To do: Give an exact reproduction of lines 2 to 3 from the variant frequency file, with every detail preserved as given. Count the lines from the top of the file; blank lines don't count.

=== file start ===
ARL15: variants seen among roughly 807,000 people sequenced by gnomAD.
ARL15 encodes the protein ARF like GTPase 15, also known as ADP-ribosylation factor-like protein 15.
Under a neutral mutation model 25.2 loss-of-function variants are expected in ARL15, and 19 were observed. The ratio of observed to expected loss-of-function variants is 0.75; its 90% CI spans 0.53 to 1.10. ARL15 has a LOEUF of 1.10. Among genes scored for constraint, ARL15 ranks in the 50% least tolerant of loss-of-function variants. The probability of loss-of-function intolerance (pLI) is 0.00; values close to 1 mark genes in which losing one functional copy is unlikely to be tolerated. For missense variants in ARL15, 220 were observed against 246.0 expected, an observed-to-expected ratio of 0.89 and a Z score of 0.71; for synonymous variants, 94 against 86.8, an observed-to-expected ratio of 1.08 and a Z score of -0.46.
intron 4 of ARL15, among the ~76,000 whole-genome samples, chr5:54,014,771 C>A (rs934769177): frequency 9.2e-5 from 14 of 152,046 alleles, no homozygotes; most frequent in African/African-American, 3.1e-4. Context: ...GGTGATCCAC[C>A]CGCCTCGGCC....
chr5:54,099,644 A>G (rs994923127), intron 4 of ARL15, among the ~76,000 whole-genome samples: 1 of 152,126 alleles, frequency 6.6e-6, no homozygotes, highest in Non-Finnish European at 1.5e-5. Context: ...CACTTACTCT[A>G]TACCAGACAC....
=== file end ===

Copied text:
ARL15 encodes the protein ARF like GTPase 15, also known as ADP-ribosylation factor-like protein 15.
Under a neutral mutation model 25.2 loss-of-function variants are expected in ARL15, and 19 were observed. The ratio of observed to expected loss-of-function variants is 0.75; its 90% CI spans 0.53 to 1.10. ARL15 has a LOEUF of 1.10. Among genes scored for constraint, ARL15 ranks in the 50% least tolerant of loss-of-function variants. The probability of loss-of-function intolerance (pLI) is 0.00; values close to 1 mark genes in which losing one functional copy is unlikely to be tolerated. For missense variants in ARL15, 220 were observed against 246.0 expected, an observed-to-expected ratio of 0.89 and a Z score of 0.71; for synonymous variants, 94 against 86.8, an observed-to-expected ratio of 1.08 and a Z score of -0.46.